Puppets play a role in sex ed

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Puppets play a role in sex ed


Nurses at Asan Medical Center in southern Seoul have been putting on a puppet show to educate students about sex and birth control since 2011. [ASAN MEDICAL CENTER]

On May 3, the students at Jamjeom Elementary School in Songpa District, southern Seoul, gathered in the school’s gymnasium for a puppet show. The lights dimmed, and a figure appeared on stage.

“A student tries to hold a friend’s arm,” the puppet said, “and when the friend says no, the student gets angry. Is this O.K.?”
Instinctively, the students responded by crossing their arms in an “X.” No, it was not okay.

The puppet show was part of a sexual education program organized by a team of nurses from nearby Asan Medical Center. The nurses have been putting on the show for the past seven years in schools around Songpa, Gangdong and Gwangjin.

Working with Good Neighbors, a nonprofit that focuses on community education, the nurses have performed the show 115 times to some 23,000 students. They discuss a wide range of topics from sexual consent and birth control to interpersonal relationships at school and safety on the streets.

The team now has about 40 members, all of them nurses at the medical center, and they take turns performing the 50-minute show during their off hours.

Kim Tae-hyun, a 50-year-old nurse who works in the nephrology division, is the only founding member left on the team. “We lose members often because they relocate or quit, but we also have new members who join because they are interested in volunteer work,” she said. “As nurses, volunteering comes naturally, which is why I think they are so diligent even when it’s just a puppet show.”

When Kim and her colleagues started the project in 2011, child abuse cases were making headlines. At first, many of the nurses were not entirely comfortable working on a sex ed puppet show, but over the course of its creation, they were able to reflect their own experiences in the show. “Many of my co-workers say they would not have been so embarrassed or asked for help had such education programs existed in the past,” Kim said.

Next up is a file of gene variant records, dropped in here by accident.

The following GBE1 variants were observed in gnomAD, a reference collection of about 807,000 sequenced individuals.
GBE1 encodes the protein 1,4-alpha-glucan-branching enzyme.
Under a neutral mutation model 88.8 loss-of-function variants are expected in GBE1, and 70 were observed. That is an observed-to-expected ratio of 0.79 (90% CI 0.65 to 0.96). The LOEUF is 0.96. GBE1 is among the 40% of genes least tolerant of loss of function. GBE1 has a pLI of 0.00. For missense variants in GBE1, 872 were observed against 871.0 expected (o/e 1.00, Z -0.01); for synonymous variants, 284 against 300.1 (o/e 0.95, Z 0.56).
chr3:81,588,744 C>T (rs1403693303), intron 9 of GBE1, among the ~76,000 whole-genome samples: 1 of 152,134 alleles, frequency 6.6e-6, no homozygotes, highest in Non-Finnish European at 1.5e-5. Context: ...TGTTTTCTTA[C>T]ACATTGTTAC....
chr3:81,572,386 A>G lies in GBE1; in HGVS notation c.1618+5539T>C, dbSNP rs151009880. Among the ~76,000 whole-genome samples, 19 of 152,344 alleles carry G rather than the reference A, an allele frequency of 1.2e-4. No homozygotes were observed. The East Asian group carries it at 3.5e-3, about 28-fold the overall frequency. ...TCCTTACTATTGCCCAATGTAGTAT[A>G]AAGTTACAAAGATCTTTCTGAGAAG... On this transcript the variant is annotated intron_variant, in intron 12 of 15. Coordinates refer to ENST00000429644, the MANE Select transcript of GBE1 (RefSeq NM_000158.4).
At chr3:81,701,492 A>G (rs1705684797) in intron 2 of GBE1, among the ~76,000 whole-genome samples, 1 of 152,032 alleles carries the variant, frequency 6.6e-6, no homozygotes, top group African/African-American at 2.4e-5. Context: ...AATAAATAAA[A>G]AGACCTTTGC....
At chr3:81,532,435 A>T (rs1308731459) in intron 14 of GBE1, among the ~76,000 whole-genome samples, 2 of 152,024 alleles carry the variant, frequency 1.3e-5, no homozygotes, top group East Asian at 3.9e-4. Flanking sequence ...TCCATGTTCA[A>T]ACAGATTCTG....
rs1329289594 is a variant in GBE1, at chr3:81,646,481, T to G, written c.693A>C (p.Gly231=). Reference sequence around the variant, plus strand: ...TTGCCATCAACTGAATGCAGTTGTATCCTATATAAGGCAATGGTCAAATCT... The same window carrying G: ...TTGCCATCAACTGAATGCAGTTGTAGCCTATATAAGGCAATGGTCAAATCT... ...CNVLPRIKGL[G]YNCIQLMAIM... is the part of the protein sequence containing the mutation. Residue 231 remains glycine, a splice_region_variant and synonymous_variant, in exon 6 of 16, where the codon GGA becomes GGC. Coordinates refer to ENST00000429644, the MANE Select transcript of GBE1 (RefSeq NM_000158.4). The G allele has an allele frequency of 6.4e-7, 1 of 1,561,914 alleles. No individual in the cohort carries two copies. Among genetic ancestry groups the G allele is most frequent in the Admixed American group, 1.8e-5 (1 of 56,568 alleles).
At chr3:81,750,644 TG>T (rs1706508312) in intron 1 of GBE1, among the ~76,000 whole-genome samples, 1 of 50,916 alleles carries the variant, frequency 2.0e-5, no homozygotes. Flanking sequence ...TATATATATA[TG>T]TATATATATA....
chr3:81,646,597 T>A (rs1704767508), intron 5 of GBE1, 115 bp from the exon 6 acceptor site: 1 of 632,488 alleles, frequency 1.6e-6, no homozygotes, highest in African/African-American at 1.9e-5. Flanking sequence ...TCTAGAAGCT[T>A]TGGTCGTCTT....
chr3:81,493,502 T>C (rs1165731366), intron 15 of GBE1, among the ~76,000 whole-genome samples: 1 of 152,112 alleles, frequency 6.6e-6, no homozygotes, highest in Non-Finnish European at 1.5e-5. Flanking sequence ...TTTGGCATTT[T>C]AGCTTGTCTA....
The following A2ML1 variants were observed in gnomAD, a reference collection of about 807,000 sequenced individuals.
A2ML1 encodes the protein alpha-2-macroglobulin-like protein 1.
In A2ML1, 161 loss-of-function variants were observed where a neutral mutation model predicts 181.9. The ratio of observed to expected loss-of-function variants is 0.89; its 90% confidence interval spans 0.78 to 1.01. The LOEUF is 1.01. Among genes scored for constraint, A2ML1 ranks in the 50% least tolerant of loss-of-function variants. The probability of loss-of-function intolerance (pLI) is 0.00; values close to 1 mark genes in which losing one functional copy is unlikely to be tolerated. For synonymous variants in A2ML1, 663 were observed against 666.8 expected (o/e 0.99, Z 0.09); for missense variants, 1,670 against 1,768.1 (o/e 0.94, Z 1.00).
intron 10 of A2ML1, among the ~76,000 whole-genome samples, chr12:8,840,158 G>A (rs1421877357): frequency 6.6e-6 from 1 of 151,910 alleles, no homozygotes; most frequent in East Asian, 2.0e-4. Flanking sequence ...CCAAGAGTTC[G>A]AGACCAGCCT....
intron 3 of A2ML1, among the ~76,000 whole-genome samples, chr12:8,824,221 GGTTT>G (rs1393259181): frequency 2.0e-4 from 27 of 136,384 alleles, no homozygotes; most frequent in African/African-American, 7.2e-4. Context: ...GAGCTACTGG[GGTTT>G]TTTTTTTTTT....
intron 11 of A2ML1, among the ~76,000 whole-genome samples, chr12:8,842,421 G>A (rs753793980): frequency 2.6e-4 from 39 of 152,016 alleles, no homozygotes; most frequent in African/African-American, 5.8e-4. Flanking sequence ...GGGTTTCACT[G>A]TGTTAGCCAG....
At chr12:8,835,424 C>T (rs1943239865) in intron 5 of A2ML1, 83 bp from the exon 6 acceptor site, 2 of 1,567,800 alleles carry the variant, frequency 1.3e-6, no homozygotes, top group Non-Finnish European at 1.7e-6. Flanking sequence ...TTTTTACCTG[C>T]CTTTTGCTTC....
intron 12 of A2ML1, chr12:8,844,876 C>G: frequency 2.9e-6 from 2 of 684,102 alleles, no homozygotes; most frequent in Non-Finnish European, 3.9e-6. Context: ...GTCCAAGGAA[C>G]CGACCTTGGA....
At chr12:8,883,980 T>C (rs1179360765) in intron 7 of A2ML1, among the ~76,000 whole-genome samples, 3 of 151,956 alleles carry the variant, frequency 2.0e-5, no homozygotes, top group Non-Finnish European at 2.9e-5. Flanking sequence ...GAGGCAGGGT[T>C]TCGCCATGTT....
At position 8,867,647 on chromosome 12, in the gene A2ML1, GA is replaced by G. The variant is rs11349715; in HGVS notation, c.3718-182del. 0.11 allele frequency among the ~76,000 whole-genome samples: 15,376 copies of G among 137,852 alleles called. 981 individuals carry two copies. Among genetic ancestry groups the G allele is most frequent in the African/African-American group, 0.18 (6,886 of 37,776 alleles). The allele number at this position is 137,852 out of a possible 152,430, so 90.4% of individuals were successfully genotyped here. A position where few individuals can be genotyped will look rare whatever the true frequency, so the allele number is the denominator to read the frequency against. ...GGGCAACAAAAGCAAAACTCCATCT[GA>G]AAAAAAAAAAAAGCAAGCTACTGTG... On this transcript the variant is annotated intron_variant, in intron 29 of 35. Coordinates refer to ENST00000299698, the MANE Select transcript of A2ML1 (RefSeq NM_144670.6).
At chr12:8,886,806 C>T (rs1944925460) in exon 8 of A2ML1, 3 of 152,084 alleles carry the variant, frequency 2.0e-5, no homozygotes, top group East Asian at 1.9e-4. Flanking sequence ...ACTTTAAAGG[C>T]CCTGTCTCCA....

The puppets might look light, but holding them for an hour is no easy task, especially since many of the nurses are going to the schools after their shifts. What drives them, Kim said, is the children’s laughter.
“During the show, we cannot see their faces, but we can hear them,” she said. “There is a scene where an adult tries to lure a child with a toy, and in this scene, we can hear kids shouting, ‘No, don’t go!’”

Kim’s team has revised the routine a number of times to make the show more approachable for kids. “In the beginning, we had some heavy scenes such as an older guy touching a girl,” Kim said. “Some kids would cry because they got scared so we decided to keep things lighter.”
The nurses believe the country needs more sex ed programs in order to educate children.

“We need more pragmatic sex ed,” she said. “Children should know how to avoid pregnancy. Adults also must help kids realize that sex is not something to hide so they can gain correct understanding. As kids grow older, the roles of the school, outside institutions and parents all become very important.”

BY JUNG JONG-HOON [choi.hyungjo@joongang.co.kr]
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